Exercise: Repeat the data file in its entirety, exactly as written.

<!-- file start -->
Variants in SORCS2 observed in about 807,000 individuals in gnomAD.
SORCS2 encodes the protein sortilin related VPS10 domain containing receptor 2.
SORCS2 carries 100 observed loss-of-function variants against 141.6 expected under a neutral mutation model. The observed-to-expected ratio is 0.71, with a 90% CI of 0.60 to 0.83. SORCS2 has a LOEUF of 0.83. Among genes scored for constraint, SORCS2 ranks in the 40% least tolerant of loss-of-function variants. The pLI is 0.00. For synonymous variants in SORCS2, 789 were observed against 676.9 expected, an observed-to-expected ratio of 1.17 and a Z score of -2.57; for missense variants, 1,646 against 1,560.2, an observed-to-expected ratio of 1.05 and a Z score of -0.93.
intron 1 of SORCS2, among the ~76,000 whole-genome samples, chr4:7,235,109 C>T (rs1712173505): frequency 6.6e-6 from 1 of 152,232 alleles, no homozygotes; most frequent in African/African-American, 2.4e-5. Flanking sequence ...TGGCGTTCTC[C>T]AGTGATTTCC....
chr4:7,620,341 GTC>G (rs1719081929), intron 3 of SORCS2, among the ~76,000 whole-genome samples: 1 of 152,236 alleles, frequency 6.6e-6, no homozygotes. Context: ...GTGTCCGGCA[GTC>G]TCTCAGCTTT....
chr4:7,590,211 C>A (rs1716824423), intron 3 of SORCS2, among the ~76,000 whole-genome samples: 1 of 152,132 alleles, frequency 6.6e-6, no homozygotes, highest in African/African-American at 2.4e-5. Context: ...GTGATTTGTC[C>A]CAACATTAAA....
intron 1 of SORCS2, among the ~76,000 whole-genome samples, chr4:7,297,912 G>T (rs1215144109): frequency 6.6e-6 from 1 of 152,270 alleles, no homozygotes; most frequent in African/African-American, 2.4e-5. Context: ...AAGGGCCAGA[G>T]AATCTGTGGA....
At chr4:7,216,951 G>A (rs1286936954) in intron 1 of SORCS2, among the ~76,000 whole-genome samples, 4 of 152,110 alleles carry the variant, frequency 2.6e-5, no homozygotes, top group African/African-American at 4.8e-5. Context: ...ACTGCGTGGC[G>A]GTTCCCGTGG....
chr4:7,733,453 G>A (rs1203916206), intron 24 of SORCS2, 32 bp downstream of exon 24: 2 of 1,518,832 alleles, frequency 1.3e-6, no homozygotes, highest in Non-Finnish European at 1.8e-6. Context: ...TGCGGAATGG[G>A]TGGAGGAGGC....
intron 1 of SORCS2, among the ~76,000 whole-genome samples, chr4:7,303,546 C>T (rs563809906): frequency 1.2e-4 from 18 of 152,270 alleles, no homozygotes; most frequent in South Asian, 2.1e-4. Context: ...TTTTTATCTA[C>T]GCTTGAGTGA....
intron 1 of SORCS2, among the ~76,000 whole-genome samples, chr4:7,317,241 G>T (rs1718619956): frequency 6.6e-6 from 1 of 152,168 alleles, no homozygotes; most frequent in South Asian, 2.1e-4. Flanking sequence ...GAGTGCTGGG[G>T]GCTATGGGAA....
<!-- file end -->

Variants in SORCS2 observed in about 807,000 individuals in gnomAD.
SORCS2 encodes the protein sortilin related VPS10 domain containing receptor 2.
SORCS2 carries 100 observed loss-of-function variants against 141.6 expected under a neutral mutation model. The observed-to-expected ratio is 0.71, with a 90% CI of 0.60 to 0.83. SORCS2 has a LOEUF of 0.83. Among genes scored for constraint, SORCS2 ranks in the 40% least tolerant of loss-of-function variants. The pLI is 0.00. For synonymous variants in SORCS2, 789 were observed against 676.9 expected, an observed-to-expected ratio of 1.17 and a Z score of -2.57; for missense variants, 1,646 against 1,560.2, an observed-to-expected ratio of 1.05 and a Z score of -0.93.
intron 1 of SORCS2, among the ~76,000 whole-genome samples, chr4:7,235,109 C>T (rs1712173505): frequency 6.6e-6 from 1 of 152,232 alleles, no homozygotes; most frequent in African/African-American, 2.4e-5. Flanking sequence ...TGGCGTTCTC[C>T]AGTGATTTCC....
chr4:7,620,341 GTC>G (rs1719081929), intron 3 of SORCS2, among the ~76,000 whole-genome samples: 1 of 152,236 alleles, frequency 6.6e-6, no homozygotes. Context: ...GTGTCCGGCA[GTC>G]TCTCAGCTTT....
chr4:7,590,211 C>A (rs1716824423), intron 3 of SORCS2, among the ~76,000 whole-genome samples: 1 of 152,132 alleles, frequency 6.6e-6, no homozygotes, highest in African/African-American at 2.4e-5. Context: ...GTGATTTGTC[C>A]CAACATTAAA....
intron 1 of SORCS2, among the ~76,000 whole-genome samples, chr4:7,297,912 G>T (rs1215144109): frequency 6.6e-6 from 1 of 152,270 alleles, no homozygotes; most frequent in African/African-American, 2.4e-5. Context: ...AAGGGCCAGA[G>T]AATCTGTGGA....
At chr4:7,216,951 G>A (rs1286936954) in intron 1 of SORCS2, among the ~76,000 whole-genome samples, 4 of 152,110 alleles carry the variant, frequency 2.6e-5, no homozygotes, top group African/African-American at 4.8e-5. Context: ...ACTGCGTGGC[G>A]GTTCCCGTGG....
chr4:7,733,453 G>A (rs1203916206), intron 24 of SORCS2, 32 bp downstream of exon 24: 2 of 1,518,832 alleles, frequency 1.3e-6, no homozygotes, highest in Non-Finnish European at 1.8e-6. Context: ...TGCGGAATGG[G>A]TGGAGGAGGC....
intron 1 of SORCS2, among the ~76,000 whole-genome samples, chr4:7,303,546 C>T (rs563809906): frequency 1.2e-4 from 18 of 152,270 alleles, no homozygotes; most frequent in South Asian, 2.1e-4. Context: ...TTTTTATCTA[C>T]GCTTGAGTGA....
intron 1 of SORCS2, among the ~76,000 whole-genome samples, chr4:7,317,241 G>T (rs1718619956): frequency 6.6e-6 from 1 of 152,168 alleles, no homozygotes; most frequent in South Asian, 2.1e-4. Flanking sequence ...GAGTGCTGGG[G>T]GCTATGGGAA....